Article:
I do my best, I check regularly. I’ve spent a fortune on treatment. Nothing seems to work. So now I condition and comb so much my children’s hair has lost its will to live. It lies lank and listless against their skulls.

I feel like I’ve done my bit. They go clean to school and yet they come back with hitchhikers clinging to their roots.

So now I jump on them the second they walk through the door. I’ve got a range of combs. White plastic, metal, the superlative Nitty Gritty. I personally like the white ones because the lice show up to my huge satisfaction. I repeatedly comb through my children’s hair, deaf to their screams. And out they come. The little suckers. Actually large suckers. Big massive juveniles with ipods sticking out of their ears. A couple of smug mom types wearing BabyBjorns. And their itty bitty eggs, quaking with potential.

I have become obsessed. I’ve taken to telling my children not to sit too close to others. I’ve taken to hugging them with my head stretched back so far away it’s barely attached to my neck. I’ve taken to leaping on any tiny black spot in my house.

Personally, I think our entire neighborhood needs to be fumigated. But with this credit crunch I just don’t think it’s in the budget.

picture by alvaro tapia hidalgo (flickr)

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R.I.P. Hamlet

rip-hamlet1I feel awful. Hamlet died yesterday. He had Wet Tail. We didn’t notice the gooey tail until the night before. I told Lara I would call the vet first thing in the morning. But in the morning we found him curled up, dead.

We missed all the signs; the excessive pooping, the hunching, though at one point Lara said she heard him groan. Otherwise he seemed fine. He was quite perky. He let Lara hold him for which I’m immensely grateful.

Wet Tail is the result of stress. From leaving mother, living in pet shop, coming home to new owner, being handled…a lot. We loved Hamlet to death. I feel just horrible. I should have protected him.

At least I didn’t have to discuss the bottom line with my children, i.e. the cost analysis of going to a vet and paying £100 to fix a £10 hamster. The thing is, I would have probably done it.

I miss the little guy. I miss stroking his little paws. There is something comforting about a house full of pets. At bedtime I go around the house, tucking sleeping kids back under their covers, filling budgie water bottles, making sure Testtube alien lights are glowing red and until last night, saying good night to Hamlet as he nibbled on his honey/egg treat.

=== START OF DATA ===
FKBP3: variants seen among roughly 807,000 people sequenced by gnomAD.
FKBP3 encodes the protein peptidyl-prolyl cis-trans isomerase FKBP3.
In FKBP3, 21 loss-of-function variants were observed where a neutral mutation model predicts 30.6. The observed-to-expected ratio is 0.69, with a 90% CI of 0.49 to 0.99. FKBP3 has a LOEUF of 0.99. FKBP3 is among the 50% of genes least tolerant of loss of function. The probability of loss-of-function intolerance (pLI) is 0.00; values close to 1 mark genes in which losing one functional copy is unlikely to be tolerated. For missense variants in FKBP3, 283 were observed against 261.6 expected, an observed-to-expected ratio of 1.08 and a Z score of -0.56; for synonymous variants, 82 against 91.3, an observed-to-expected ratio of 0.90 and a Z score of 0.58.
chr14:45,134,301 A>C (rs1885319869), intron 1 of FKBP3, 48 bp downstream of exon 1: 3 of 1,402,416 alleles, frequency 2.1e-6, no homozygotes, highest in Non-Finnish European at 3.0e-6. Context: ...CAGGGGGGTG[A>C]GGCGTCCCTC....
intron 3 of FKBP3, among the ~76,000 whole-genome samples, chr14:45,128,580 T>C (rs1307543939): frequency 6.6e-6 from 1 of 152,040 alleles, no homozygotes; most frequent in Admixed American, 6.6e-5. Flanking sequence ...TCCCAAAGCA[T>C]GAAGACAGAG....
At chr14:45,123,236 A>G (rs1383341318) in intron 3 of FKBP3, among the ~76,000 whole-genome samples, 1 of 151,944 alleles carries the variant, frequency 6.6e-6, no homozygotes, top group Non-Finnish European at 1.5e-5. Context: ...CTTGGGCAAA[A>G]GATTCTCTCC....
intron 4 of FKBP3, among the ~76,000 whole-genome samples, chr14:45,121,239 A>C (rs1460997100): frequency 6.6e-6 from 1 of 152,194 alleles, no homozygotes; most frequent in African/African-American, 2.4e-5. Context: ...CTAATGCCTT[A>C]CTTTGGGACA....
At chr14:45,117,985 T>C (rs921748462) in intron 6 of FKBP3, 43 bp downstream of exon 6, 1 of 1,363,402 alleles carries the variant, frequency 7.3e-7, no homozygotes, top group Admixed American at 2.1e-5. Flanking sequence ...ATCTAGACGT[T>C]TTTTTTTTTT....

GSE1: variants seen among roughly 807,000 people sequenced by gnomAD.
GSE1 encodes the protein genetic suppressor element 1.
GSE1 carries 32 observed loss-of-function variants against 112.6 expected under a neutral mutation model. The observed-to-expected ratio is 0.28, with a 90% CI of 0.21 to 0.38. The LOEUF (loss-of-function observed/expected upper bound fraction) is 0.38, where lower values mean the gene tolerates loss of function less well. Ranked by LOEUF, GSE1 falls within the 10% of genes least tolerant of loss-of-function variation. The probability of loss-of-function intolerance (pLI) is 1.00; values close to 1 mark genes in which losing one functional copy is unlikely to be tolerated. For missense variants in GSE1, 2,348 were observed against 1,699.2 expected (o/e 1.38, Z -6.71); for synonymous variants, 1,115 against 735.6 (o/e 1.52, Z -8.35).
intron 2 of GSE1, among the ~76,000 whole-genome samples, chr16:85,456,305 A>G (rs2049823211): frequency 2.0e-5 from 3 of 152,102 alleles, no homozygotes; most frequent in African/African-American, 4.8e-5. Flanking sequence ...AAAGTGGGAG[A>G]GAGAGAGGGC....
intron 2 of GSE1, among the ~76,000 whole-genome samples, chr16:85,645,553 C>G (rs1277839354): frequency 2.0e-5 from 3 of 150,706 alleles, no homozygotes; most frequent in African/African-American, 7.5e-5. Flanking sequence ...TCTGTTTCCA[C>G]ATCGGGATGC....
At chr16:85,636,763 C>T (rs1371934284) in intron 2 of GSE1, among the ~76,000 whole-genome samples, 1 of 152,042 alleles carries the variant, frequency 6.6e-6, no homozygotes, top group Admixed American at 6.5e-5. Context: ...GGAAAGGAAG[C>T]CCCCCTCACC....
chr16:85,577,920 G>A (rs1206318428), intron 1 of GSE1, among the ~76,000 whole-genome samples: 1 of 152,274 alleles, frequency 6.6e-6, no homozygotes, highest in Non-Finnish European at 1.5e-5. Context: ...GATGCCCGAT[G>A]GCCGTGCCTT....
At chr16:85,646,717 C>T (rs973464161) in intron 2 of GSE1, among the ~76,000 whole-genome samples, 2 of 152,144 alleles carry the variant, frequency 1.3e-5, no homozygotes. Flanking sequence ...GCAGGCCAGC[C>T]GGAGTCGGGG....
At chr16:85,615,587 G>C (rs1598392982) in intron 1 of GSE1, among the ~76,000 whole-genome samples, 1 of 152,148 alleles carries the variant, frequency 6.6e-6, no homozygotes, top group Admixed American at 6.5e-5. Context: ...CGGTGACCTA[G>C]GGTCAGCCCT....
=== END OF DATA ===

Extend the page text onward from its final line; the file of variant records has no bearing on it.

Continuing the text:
So good bye, Hamlet. I am so sorry. May you rest in peace now.

The budgies on the other hand live on and on and on…

Photo by Special (flickr)

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Procrastination for Dummies

tidy-closet-2Procrastination gets a bad rap but it must be popular because it’s got its own Wikipedia entry. I read somewhere (while I was procrastinating) that a good way to get people to read your blog is to give them tips on how to do something. I wracked my brains on what I could offer and was only able to come up with this.

How To Procrastinate:

1. Surf the net and bump into some very cool blogs. Try Wayne Hodgins’ Off Course On Target: Where unexpected paths lead to great discoveries. The title alone says it all. Topics range from Milk Carton Design to Earth Without People to the Snowflake Effect to Translation Robots. Fascinating stuff. Especially when you’ve got a novel to write.

2. Eat all the chocolate in the house. Start with the Halloween candy you confiscated from your kids until they forgot about it. The cherry filled numbers brought over at Christmas which no one will eat. The Toll House chocolate chips which you bought for the cookies you never got around to making.

3. Do the laundry. Forget to sort out the whites from the brights and spend the rest of the day bleaching.

4. Stress out that your daughter is still having trouble with her knife and fork and buy a book about dyspraxia. Read it and discover that actually she is just lazy.

5. Eat a third lunch.

A modest start but it should get you through the day. Good luck.

Photo above by chrissthegirl (flickr)


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School Run



I’m up again at an ungodly hour. Even if I get very little writing done my sanctimonious level is high enough to choke a frog.

The problem with getting up early though is that by the time I get everyone else up I’m so caffeinated I’m a little scary. The glee I take in tossing everyone from their warm covers is not attractive.

It’s a full hour and a half from the time I get the kids up to when I push them into their classrooms. They don’t have school buses in London so the onus of getting your children to school falls on you. And so the mornings are a marathon.